In recent months our HS&IC Rail Committee has taken on a number of significant tasks. We participated in a task force created by the APTA Executive Committee to unite APTA’s membership around key principles that could offer guidance to DOT as programs and policies were shaped in the critical weeks following the announcement of the federal funds available for high-speed rail. The overarching goal was to frame a program that would have strong and ongoing Congressional support for all modes of mass transportation. That “coalition advocacy” includes high-speed rail grants for projects that are a) ready-to-go, b) in the corridor development phase, and c) in the planning phase.
We also endorsed a program that would accommodate the types of projects being advanced in different regions of the country. This includes high-speed rail express (150+ mph), high-speed rail regional (110-150 mph), emerging high-speed rail (90-110 mph), and conventional rail (79-90 mph).
The HS&IC Committee and Corridors Coalition has worked closely with the APTA Legislative and Commuter Rail committees on several policy papers that outline a policy agenda for the many railroad issues pending before Congress.
At the request of the HS&IC Rail Committee at the 2009 APTA Annual Meeting, APTA adopted two very significant resolutions. The first affirmed APTA’s support for a $50 billion high-speed rail title in the next surface transportation authorization; the second called for adequate federal funding to support the implementation of positive train control. These and related policies will continue to be a central part of the Committee’s coalition advocacy focus in cooperation with APTA’s broader legislative mission.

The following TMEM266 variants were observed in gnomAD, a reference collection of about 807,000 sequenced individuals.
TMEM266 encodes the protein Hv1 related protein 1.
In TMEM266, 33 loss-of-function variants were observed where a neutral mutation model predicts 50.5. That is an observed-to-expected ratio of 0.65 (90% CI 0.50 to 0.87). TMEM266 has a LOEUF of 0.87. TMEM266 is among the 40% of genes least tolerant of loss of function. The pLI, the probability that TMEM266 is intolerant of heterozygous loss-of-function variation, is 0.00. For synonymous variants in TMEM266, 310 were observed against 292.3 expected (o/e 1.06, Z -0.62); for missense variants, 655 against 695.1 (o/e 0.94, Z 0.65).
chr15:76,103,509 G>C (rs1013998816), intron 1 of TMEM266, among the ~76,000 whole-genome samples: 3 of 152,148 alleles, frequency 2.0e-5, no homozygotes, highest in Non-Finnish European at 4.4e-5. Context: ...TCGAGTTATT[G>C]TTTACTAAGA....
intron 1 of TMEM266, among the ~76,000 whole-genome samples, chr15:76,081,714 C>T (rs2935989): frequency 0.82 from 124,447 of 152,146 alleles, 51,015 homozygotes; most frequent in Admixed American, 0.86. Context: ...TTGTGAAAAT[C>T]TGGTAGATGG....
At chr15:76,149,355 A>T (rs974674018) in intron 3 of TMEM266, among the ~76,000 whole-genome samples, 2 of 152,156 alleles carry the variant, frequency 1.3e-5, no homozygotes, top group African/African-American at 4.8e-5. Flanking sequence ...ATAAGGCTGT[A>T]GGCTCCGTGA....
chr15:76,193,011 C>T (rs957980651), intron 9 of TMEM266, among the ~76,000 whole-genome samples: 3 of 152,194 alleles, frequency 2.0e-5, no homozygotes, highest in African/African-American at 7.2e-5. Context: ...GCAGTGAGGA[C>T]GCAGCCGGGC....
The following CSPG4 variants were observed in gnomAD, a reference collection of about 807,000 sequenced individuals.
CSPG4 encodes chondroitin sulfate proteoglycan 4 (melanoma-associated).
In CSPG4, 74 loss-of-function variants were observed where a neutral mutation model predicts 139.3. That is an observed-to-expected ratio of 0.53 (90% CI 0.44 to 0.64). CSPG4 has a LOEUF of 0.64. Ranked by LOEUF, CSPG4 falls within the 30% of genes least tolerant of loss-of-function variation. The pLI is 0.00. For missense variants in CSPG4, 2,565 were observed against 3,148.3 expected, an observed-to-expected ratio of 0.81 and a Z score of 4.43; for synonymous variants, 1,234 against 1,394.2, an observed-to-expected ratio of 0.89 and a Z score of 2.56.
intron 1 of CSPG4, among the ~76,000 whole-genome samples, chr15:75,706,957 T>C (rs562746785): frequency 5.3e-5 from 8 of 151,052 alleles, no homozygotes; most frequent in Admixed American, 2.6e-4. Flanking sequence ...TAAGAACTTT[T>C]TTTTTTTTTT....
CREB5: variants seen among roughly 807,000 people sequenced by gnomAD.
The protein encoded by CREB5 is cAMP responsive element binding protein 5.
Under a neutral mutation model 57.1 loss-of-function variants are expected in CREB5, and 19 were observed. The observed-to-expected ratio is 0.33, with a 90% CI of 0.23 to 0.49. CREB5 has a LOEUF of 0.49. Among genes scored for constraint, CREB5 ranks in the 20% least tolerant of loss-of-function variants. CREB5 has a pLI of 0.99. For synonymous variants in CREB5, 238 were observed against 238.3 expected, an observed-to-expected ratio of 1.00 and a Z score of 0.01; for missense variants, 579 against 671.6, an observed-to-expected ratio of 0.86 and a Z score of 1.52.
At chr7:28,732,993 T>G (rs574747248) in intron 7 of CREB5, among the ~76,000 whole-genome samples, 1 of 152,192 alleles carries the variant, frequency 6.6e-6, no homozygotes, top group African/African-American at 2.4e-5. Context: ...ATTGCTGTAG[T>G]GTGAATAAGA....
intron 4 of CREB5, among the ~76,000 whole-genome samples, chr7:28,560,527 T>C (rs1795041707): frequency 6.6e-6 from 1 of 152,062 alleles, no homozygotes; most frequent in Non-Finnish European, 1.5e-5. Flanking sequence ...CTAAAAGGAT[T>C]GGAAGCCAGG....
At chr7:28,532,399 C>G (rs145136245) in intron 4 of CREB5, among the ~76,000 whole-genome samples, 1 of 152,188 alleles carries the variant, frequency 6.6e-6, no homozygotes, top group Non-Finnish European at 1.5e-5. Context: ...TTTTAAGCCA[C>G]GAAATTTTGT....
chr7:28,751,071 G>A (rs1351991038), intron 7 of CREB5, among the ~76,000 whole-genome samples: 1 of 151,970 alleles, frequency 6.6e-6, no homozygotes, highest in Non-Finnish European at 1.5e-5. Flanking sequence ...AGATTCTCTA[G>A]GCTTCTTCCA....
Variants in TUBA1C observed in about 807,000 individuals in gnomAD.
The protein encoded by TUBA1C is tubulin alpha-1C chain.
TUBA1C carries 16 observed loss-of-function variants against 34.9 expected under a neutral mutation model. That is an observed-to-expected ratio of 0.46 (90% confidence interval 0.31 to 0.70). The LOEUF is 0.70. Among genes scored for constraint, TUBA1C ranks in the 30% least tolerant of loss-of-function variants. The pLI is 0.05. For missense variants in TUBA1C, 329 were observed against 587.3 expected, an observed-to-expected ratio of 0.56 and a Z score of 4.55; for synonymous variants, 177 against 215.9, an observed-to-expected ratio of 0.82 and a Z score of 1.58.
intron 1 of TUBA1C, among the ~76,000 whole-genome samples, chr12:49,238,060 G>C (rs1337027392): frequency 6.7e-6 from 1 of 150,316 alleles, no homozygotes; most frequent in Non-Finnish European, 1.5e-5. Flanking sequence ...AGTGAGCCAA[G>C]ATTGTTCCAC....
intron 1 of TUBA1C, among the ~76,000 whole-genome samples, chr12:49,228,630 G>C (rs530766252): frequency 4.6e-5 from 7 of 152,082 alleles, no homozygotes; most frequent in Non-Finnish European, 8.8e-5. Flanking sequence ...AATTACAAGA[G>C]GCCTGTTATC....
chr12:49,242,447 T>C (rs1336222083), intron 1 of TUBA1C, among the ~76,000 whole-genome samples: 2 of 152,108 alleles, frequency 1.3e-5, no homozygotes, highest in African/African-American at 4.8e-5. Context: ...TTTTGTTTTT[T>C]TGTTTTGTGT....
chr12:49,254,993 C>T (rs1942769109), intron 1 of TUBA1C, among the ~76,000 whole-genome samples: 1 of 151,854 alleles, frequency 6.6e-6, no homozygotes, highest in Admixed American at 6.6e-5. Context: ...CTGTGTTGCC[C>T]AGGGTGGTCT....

There has been an extensive outreach to key partnering organizations. Most notable has been the Memorandum of Understanding (MOU), requested by the HS&IC Rail Committee, among APTA, the American Association of State Highway and Transportation Officials (AASHTO), and the States for Passenger Rail Coalition (S4PR). This MOU identified a number of specific actions to be taken in joint advocacy for high-speed rail.
We are working very closely with FRA Administrator Joe Szabo, Deputy Administrator Karen Rae, and the fine FRA team as they develop their National Rail Plan, scheduled for Sept. 15, 2010. The plan will focus on the many issues necessary to accommodate the projected growth for rail passenger and freight service to achieve full potential. Included are workforce, manufacturing, shared-corridor, economic development, connectivity, livability, equipment, regulatory, funding program delivery, and many other issues. This is a great opportunity to help high-speed rail to thrive.
Members Take Action